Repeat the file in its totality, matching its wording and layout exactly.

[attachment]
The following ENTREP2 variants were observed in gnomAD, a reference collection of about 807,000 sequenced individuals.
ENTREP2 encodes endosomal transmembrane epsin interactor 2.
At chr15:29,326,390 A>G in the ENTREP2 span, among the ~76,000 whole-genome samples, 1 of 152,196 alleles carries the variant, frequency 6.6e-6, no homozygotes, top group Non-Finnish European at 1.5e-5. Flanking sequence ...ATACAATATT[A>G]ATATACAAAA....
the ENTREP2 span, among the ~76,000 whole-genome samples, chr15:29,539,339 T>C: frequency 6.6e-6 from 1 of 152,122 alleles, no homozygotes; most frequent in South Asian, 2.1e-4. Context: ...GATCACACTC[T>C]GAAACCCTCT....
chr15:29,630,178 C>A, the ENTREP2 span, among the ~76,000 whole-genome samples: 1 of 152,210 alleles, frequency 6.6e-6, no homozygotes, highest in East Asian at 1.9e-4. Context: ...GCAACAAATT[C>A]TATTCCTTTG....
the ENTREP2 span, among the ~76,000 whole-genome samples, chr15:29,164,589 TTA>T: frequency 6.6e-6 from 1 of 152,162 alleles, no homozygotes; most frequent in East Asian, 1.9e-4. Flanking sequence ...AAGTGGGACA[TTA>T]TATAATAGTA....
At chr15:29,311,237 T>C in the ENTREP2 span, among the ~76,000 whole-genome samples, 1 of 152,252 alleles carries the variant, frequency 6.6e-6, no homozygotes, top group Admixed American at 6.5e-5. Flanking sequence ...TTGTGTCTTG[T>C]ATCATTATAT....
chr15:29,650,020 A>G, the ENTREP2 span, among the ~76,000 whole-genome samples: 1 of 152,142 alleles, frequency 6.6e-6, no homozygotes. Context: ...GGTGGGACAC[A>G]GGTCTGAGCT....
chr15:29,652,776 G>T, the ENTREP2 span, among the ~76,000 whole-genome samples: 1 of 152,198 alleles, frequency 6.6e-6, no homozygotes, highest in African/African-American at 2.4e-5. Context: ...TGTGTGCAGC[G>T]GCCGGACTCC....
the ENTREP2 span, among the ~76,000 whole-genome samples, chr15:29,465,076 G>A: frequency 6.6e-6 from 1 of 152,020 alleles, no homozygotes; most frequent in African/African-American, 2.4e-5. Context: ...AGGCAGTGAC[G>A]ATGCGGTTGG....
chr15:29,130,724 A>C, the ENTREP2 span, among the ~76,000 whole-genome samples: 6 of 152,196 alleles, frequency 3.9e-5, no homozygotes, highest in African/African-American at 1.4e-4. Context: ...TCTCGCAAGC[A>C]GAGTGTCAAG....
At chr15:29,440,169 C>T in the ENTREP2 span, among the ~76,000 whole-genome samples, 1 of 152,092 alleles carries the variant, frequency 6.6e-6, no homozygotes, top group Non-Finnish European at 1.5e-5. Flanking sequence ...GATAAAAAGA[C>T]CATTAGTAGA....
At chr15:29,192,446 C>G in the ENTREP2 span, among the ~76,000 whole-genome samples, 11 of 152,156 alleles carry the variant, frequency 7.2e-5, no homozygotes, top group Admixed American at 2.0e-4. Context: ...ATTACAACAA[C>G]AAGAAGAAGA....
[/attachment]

The following ENTREP2 variants were observed in gnomAD, a reference collection of about 807,000 sequenced individuals.
ENTREP2 encodes endosomal transmembrane epsin interactor 2.
At chr15:29,326,390 A>G in the ENTREP2 span, among the ~76,000 whole-genome samples, 1 of 152,196 alleles carries the variant, frequency 6.6e-6, no homozygotes, top group Non-Finnish European at 1.5e-5. Flanking sequence ...ATACAATATT[A>G]ATATACAAAA....
the ENTREP2 span, among the ~76,000 whole-genome samples, chr15:29,539,339 T>C: frequency 6.6e-6 from 1 of 152,122 alleles, no homozygotes; most frequent in South Asian, 2.1e-4. Context: ...GATCACACTC[T>C]GAAACCCTCT....
chr15:29,630,178 C>A, the ENTREP2 span, among the ~76,000 whole-genome samples: 1 of 152,210 alleles, frequency 6.6e-6, no homozygotes, highest in East Asian at 1.9e-4. Context: ...GCAACAAATT[C>A]TATTCCTTTG....
the ENTREP2 span, among the ~76,000 whole-genome samples, chr15:29,164,589 TTA>T: frequency 6.6e-6 from 1 of 152,162 alleles, no homozygotes; most frequent in East Asian, 1.9e-4. Flanking sequence ...AAGTGGGACA[TTA>T]TATAATAGTA....
At chr15:29,311,237 T>C in the ENTREP2 span, among the ~76,000 whole-genome samples, 1 of 152,252 alleles carries the variant, frequency 6.6e-6, no homozygotes, top group Admixed American at 6.5e-5. Flanking sequence ...TTGTGTCTTG[T>C]ATCATTATAT....
chr15:29,650,020 A>G, the ENTREP2 span, among the ~76,000 whole-genome samples: 1 of 152,142 alleles, frequency 6.6e-6, no homozygotes. Context: ...GGTGGGACAC[A>G]GGTCTGAGCT....
chr15:29,652,776 G>T, the ENTREP2 span, among the ~76,000 whole-genome samples: 1 of 152,198 alleles, frequency 6.6e-6, no homozygotes, highest in African/African-American at 2.4e-5. Context: ...TGTGTGCAGC[G>T]GCCGGACTCC....
the ENTREP2 span, among the ~76,000 whole-genome samples, chr15:29,465,076 G>A: frequency 6.6e-6 from 1 of 152,020 alleles, no homozygotes; most frequent in African/African-American, 2.4e-5. Context: ...AGGCAGTGAC[G>A]ATGCGGTTGG....
chr15:29,130,724 A>C, the ENTREP2 span, among the ~76,000 whole-genome samples: 6 of 152,196 alleles, frequency 3.9e-5, no homozygotes, highest in African/African-American at 1.4e-4. Context: ...TCTCGCAAGC[A>C]GAGTGTCAAG....
At chr15:29,440,169 C>T in the ENTREP2 span, among the ~76,000 whole-genome samples, 1 of 152,092 alleles carries the variant, frequency 6.6e-6, no homozygotes, top group Non-Finnish European at 1.5e-5. Flanking sequence ...GATAAAAAGA[C>T]CATTAGTAGA....
At chr15:29,192,446 C>G in the ENTREP2 span, among the ~76,000 whole-genome samples, 11 of 152,156 alleles carry the variant, frequency 7.2e-5, no homozygotes, top group Admixed American at 2.0e-4. Context: ...ATTACAACAA[C>G]AAGAAGAAGA....